- More reliable mobile connections
- Greater number of connected IoT devices
- An expansion of advanced technologies – including self-driving cars and smart cities
How fast will 5G be?
It’s still not exactly known how much faster 5G will be than 4G, as much of the technology is still under development.
That being said, the networks should provide a significant upgrade to current download and upload speeds – with the GSMA proposing minimum download speeds of around 1GBps.
Most estimates expect the average speed of 5G networks to reach 10Gb/s, and some even think transfer rates could reach a whopping 800Gb/s.
This would mean that users could download a full-length HD quality film in a matter of seconds, and that downloading and installing software upgrades would be completed much faster than today.
Will I be able to get 5G networks on my phone?
Existing smartphones, tablet or other devices that were released when 4G networks were the standard may not be able to connect to 5G to begin with, or may incur extra costs to do so.
However following the 2020 deadline for the initial rollout, we should soon see devices coming with 5G connection as default.
Don’t worry though – although 5G should represent a major step up from current 4G and 3G networks, the new technology won’t immediately replace its predecessor – at least, not to begin with.
Instead, 5G should link in with existing networks to ensure users never lose connection, with the older networks acting as back-up in areas not covered by the new 5G coverage.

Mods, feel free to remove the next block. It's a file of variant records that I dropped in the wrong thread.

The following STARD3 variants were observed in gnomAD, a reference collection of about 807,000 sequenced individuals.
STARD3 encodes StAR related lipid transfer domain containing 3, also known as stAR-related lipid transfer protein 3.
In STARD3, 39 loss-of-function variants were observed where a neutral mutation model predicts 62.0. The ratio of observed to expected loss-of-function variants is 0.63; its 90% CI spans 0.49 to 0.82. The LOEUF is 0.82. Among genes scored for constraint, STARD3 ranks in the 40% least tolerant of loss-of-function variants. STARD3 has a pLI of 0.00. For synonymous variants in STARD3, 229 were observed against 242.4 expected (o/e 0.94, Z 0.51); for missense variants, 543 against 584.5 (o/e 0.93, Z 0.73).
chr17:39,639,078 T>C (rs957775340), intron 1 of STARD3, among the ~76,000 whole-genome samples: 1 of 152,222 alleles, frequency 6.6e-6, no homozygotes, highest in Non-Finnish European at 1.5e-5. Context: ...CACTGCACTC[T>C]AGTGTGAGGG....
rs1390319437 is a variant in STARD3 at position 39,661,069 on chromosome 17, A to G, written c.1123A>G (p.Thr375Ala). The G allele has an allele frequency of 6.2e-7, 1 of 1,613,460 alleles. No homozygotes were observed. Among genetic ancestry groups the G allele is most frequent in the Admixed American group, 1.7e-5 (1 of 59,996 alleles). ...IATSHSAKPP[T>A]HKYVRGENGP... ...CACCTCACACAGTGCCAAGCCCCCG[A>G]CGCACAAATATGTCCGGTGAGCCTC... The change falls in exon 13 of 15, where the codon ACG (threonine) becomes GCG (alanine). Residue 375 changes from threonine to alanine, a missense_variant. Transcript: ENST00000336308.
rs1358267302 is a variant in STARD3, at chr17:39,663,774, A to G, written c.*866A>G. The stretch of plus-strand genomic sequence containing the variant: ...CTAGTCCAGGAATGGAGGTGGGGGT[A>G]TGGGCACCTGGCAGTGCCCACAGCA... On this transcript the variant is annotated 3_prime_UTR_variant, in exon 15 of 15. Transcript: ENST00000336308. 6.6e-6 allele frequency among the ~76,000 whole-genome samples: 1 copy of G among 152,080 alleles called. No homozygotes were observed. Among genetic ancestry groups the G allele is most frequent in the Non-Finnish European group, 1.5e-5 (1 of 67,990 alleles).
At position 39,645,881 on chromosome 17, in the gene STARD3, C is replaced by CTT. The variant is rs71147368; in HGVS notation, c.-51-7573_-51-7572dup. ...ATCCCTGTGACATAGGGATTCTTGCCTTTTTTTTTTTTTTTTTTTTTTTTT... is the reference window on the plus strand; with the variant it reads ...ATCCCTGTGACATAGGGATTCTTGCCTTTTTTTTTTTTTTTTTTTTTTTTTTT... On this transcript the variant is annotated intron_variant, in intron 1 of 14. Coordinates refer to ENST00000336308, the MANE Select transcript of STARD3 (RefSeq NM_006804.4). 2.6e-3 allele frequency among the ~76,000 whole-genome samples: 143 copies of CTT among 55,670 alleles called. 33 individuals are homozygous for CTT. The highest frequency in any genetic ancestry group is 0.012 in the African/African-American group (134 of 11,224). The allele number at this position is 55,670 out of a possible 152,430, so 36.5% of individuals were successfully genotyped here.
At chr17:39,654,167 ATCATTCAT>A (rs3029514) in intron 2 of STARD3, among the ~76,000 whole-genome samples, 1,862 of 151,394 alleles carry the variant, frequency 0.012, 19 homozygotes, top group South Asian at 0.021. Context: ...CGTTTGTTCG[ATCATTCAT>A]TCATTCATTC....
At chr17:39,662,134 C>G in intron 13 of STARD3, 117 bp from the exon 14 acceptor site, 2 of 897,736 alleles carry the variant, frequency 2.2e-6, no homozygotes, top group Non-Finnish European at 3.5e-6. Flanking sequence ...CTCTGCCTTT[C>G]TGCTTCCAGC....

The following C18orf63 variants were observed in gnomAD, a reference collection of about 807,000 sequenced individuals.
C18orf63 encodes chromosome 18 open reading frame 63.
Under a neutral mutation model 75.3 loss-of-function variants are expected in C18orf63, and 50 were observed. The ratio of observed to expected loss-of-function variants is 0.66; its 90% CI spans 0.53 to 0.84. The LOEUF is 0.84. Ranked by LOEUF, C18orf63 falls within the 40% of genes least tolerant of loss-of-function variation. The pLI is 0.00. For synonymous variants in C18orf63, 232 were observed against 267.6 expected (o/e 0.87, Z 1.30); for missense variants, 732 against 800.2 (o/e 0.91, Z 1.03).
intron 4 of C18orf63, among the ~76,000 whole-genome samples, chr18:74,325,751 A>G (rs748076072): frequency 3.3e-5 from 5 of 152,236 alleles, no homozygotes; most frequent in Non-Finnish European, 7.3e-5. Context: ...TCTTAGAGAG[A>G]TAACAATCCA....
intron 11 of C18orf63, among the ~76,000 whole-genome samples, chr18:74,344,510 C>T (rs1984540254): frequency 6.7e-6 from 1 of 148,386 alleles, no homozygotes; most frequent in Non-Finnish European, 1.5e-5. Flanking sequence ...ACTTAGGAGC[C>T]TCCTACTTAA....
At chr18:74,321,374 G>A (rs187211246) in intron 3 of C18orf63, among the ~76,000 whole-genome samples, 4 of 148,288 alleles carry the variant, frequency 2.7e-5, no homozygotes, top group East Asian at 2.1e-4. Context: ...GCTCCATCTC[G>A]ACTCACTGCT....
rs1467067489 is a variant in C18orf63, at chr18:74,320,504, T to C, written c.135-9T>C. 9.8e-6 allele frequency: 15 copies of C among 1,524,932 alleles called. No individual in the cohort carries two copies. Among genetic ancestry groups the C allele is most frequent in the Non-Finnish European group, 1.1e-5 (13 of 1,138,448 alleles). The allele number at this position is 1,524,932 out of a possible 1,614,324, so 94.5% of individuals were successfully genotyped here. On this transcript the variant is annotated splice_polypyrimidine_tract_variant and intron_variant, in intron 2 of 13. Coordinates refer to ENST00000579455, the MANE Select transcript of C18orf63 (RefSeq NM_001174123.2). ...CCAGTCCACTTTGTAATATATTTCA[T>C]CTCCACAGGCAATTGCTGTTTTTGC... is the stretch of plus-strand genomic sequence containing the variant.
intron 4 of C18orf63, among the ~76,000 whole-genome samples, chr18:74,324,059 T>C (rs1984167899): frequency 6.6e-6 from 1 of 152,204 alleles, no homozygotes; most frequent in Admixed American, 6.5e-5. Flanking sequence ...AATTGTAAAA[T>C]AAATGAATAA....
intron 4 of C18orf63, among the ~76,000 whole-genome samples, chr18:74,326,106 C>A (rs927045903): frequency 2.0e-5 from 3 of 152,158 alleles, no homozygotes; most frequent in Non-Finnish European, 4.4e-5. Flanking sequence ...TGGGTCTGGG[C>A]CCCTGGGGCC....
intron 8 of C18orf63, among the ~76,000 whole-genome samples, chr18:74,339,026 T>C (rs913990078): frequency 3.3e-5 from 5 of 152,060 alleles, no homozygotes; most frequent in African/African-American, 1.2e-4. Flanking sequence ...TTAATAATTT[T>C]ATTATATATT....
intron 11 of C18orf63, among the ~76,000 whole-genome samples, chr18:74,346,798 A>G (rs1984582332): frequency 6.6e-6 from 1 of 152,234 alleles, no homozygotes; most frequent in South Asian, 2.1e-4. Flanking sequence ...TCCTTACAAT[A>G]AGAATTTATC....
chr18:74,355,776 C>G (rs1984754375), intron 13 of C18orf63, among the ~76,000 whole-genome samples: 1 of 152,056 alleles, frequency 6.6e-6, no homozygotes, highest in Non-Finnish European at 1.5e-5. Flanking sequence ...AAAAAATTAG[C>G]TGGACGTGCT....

So-called “4.5G” networks (also known as LTE-A) are set to fill the gap for the time being, offering connections that are faster than current 4G networks, although only certain countries such as South Korea can benefit from them right now.
Once launched however, implementing 5G may be a slower process. Much like the gradual takeover of 4G networks from the previous generation, existing network infrastructure may need to be upgraded or even replaced in order to deal with the new technology, and homes and businesses may also need to get new services installed.
It’s not yet known how 5G networks will take over from existing networks, but again, much like the rollout of 4G, you may not be able to immediately connect to the new networks without upgrading your technology.
What will a 5G network need?
The GSMA has outlined eight criteria for 5G networks, with a connection needing meet a majority of these in order to qualify as 5G:
- 1-10Gbps connections to end points in the field (i.e. not theoretical maximum)
- 1 millisecond end-to-end round trip delay (latency)
- 1000x bandwidth per unit area
- 10-100x number of connected devices
- (Perception of) 99.999 per cent availability
- (Perception of) 100 per cent coverage
- 90 per cent reduction in network energy usage
- Up to 10 year battery life for low power, machine-type devices